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Slowing traffic will save lives in Karnataka

Speed management and traffic calming techniques have an important role to play in further reducing deaths and serious injuries on an iRAP safe corridor demonstration project for the World Bank in Karnataka state in south-western India.

An iRAP post-construction Star Rating Assessment in 2016 of the 57km section of State Highway 20 from Belgaum to Yaragatti found that up to 1,280 deaths and serious injuries are already set to be prevented as a result of improvements undertaken since the original iRAP Safer Road Investment Plan was produced in 2012.

The report estimates that if a US$ 12.72 million package of improvements is undertaken it would result in an overall 30% reduction of road traffic fatalities and serious injuries by 2018 from the 2011 baseline.

‘At locations where it is not economically viable to lift the Star Ratings past the (proposed 3-star) target using infrastructure improvements, lowering operating speeds shall also be considered,’ the report says.

‘A speed management review to include 50km/h limits in the urban areas and rural villages plus effective speed enforcement will reduce risk for all road users on the corridor.’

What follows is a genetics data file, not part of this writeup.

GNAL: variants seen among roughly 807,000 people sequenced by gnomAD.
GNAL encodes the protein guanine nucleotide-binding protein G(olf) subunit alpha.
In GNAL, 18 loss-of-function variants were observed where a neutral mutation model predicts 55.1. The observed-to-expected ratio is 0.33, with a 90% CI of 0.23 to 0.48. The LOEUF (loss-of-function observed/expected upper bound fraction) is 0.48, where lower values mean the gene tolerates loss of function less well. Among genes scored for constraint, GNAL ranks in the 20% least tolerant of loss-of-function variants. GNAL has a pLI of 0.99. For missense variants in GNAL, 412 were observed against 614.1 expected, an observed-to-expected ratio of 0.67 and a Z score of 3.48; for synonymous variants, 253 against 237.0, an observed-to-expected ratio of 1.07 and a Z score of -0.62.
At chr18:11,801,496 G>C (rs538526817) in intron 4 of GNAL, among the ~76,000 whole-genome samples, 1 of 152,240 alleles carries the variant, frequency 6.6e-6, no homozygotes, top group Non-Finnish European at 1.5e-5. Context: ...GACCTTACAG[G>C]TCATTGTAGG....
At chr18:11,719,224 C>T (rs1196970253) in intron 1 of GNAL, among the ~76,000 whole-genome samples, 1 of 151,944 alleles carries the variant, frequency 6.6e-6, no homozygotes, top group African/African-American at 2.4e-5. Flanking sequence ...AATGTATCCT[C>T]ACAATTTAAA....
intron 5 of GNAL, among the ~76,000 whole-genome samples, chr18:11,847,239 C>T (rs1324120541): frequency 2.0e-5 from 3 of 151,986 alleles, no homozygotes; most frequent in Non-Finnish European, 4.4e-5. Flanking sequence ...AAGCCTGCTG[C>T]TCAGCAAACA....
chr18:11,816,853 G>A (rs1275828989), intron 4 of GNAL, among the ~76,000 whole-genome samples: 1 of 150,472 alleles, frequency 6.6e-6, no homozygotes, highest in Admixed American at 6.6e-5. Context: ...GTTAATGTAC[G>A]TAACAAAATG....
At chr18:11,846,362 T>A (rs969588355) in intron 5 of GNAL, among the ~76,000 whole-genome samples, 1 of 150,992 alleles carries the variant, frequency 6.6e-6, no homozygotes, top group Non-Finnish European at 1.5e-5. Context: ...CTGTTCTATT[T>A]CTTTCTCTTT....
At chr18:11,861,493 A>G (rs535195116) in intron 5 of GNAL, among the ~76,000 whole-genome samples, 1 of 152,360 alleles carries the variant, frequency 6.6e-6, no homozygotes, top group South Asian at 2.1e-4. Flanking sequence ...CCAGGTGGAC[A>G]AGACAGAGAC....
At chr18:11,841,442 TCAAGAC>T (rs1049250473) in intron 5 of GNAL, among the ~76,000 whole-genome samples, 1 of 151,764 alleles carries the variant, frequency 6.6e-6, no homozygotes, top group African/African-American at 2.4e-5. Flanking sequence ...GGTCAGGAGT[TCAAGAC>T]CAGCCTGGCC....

Key actions

Other actions recommended for further consideration include:

  • rationalise speed limits so that they are consistent, easily understood and better reflect the needs of all road users, especially vulnerable road users
  • ensure speed limits are clearly signed and that the signs are maintained and in good condition
  • improve enforcement of speed limits and increase presence of traffic police along the corridor
  • traffic calming measures to reduce speed of through-traffic to reduce risk and im-prove quality of life in rural communities

iRAP Senior Road Safety Engineer Luke Rogers, who drafted the report, said: ‘Speed reduction is vital in creating safer road environments in the small towns and rural villages like we have on this corridor. Our post-construction assessment showed that where traffic calming features were introduced traffic speeds dropped considerably. At one location outside a busy temple we saw operating speeds reduced from 75km/h to 35km/h.’

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